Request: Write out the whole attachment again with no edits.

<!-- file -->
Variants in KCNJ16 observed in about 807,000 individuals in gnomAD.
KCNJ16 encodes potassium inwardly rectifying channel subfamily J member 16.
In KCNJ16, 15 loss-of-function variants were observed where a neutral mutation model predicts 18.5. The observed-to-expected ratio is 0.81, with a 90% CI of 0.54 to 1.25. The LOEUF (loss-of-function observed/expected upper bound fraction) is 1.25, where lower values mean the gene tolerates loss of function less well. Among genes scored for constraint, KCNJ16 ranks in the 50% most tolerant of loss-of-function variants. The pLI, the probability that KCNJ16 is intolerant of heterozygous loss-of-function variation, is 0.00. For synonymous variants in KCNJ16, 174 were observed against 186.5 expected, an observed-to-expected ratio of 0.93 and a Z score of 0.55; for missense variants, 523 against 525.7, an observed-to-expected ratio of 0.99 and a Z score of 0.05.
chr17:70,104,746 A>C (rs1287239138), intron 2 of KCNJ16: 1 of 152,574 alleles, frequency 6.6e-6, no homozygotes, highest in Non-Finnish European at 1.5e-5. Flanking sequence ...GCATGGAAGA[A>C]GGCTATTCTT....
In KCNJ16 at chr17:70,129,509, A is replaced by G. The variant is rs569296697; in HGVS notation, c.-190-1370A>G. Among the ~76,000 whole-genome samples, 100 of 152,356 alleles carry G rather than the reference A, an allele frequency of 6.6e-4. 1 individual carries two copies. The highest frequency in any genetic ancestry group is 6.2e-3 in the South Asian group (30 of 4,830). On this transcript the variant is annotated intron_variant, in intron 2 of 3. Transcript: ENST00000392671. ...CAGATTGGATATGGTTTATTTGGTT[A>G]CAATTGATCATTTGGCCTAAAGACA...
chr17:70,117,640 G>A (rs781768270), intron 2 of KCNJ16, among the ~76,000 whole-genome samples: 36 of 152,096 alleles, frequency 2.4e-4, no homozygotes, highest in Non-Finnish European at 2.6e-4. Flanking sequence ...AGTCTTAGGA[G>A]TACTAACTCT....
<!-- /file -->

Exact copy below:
Variants in KCNJ16 observed in about 807,000 individuals in gnomAD.
KCNJ16 encodes potassium inwardly rectifying channel subfamily J member 16.
In KCNJ16, 15 loss-of-function variants were observed where a neutral mutation model predicts 18.5. The observed-to-expected ratio is 0.81, with a 90% CI of 0.54 to 1.25. The LOEUF (loss-of-function observed/expected upper bound fraction) is 1.25, where lower values mean the gene tolerates loss of function less well. Among genes scored for constraint, KCNJ16 ranks in the 50% most tolerant of loss-of-function variants. The pLI, the probability that KCNJ16 is intolerant of heterozygous loss-of-function variation, is 0.00. For synonymous variants in KCNJ16, 174 were observed against 186.5 expected, an observed-to-expected ratio of 0.93 and a Z score of 0.55; for missense variants, 523 against 525.7, an observed-to-expected ratio of 0.99 and a Z score of 0.05.
chr17:70,104,746 A>C (rs1287239138), intron 2 of KCNJ16: 1 of 152,574 alleles, frequency 6.6e-6, no homozygotes, highest in Non-Finnish European at 1.5e-5. Flanking sequence ...GCATGGAAGA[A>C]GGCTATTCTT....
In KCNJ16 at chr17:70,129,509, A is replaced by G. The variant is rs569296697; in HGVS notation, c.-190-1370A>G. Among the ~76,000 whole-genome samples, 100 of 152,356 alleles carry G rather than the reference A, an allele frequency of 6.6e-4. 1 individual carries two copies. The highest frequency in any genetic ancestry group is 6.2e-3 in the South Asian group (30 of 4,830). On this transcript the variant is annotated intron_variant, in intron 2 of 3. Transcript: ENST00000392671. ...CAGATTGGATATGGTTTATTTGGTT[A>G]CAATTGATCATTTGGCCTAAAGACA...
chr17:70,117,640 G>A (rs781768270), intron 2 of KCNJ16, among the ~76,000 whole-genome samples: 36 of 152,096 alleles, frequency 2.4e-4, no homozygotes, highest in Non-Finnish European at 2.6e-4. Flanking sequence ...AGTCTTAGGA[G>A]TACTAACTCT....